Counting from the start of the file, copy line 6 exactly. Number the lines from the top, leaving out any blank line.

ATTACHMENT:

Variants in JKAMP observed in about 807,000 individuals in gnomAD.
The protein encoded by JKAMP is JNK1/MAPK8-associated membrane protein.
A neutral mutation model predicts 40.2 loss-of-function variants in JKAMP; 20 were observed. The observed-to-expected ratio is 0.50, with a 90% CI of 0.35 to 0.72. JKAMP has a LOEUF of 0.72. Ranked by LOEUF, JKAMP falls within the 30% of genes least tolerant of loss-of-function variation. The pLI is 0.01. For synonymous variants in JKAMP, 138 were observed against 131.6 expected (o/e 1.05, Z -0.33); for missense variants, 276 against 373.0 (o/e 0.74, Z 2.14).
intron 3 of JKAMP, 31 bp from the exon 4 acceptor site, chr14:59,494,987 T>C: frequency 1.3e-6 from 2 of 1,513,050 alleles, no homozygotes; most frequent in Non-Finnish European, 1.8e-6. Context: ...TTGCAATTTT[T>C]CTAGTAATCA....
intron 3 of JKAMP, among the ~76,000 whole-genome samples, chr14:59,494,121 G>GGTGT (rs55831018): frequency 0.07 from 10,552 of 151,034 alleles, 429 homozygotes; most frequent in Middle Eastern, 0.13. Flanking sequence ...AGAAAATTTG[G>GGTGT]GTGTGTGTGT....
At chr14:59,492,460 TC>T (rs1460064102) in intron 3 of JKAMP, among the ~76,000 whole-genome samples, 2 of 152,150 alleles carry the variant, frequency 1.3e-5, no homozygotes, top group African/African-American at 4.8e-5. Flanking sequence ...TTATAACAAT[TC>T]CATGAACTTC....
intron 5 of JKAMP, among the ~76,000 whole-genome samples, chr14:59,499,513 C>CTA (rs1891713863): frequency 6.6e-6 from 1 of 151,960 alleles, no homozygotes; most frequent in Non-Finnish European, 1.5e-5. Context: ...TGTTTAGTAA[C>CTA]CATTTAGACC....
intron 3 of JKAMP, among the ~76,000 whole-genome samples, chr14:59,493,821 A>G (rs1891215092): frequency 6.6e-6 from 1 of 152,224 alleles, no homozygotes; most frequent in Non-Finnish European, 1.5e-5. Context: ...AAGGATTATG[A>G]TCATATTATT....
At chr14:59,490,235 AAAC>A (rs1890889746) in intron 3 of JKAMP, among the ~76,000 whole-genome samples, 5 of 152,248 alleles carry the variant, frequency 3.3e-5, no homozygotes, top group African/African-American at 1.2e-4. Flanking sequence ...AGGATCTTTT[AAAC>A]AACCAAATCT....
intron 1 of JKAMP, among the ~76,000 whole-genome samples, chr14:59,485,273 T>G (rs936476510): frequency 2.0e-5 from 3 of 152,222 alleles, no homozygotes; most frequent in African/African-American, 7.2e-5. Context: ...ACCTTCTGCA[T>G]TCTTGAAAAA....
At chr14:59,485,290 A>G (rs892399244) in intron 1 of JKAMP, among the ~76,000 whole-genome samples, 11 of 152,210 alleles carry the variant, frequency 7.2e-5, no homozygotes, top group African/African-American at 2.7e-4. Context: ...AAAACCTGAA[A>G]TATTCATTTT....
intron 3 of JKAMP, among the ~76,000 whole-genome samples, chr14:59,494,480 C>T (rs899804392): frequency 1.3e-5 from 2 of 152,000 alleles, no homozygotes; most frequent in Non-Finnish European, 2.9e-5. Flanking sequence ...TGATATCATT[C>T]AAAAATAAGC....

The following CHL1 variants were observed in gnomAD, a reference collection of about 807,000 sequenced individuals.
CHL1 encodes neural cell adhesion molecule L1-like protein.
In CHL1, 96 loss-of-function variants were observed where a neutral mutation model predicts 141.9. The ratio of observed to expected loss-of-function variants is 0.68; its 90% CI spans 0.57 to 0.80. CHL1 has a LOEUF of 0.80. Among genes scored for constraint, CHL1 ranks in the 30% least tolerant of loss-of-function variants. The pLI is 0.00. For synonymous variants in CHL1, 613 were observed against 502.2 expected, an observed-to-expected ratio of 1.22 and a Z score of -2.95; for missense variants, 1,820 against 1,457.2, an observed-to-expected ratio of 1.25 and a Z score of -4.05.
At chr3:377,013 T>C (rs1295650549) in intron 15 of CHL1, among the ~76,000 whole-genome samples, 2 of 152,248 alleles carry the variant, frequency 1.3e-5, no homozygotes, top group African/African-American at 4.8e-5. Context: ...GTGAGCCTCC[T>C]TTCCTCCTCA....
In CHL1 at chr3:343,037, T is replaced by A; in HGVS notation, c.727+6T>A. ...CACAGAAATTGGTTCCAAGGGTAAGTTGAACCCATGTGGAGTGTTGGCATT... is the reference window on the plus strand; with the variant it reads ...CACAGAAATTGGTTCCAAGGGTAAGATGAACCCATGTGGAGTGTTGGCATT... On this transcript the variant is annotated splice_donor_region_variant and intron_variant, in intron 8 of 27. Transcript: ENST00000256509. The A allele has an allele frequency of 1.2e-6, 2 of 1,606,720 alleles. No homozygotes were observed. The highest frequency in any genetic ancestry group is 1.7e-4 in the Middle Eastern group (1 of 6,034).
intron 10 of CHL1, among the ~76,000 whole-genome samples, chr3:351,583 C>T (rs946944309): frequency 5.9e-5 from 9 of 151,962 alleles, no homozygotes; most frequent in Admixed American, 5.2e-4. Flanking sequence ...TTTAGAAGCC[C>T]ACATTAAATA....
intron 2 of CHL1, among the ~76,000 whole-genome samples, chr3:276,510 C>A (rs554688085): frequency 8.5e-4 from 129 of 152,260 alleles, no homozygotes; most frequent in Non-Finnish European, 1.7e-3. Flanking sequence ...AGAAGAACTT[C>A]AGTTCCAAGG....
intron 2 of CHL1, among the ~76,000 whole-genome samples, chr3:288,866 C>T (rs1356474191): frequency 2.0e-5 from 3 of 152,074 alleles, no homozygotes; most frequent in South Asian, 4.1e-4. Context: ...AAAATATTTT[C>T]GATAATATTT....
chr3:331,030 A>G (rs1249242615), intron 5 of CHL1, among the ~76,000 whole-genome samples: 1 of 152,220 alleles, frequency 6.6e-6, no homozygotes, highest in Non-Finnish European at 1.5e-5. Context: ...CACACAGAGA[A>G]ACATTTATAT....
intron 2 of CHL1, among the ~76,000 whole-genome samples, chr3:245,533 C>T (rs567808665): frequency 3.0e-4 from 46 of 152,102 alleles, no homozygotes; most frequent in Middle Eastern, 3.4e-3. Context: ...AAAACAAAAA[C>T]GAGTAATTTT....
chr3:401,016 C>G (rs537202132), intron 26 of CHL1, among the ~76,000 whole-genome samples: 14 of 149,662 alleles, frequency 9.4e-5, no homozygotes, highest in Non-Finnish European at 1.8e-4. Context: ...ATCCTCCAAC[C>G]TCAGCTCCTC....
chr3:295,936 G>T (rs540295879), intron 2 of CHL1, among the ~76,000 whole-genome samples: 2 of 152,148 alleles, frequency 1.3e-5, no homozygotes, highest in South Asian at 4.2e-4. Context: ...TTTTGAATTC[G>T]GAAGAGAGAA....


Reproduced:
At chr14:59,492,460 TC>T (rs1460064102) in intron 3 of JKAMP, among the ~76,000 whole-genome samples, 2 of 152,150 alleles carry the variant, frequency 1.3e-5, no homozygotes, top group African/African-American at 4.8e-5. Flanking sequence ...TTATAACAAT[TC>T]CATGAACTTC....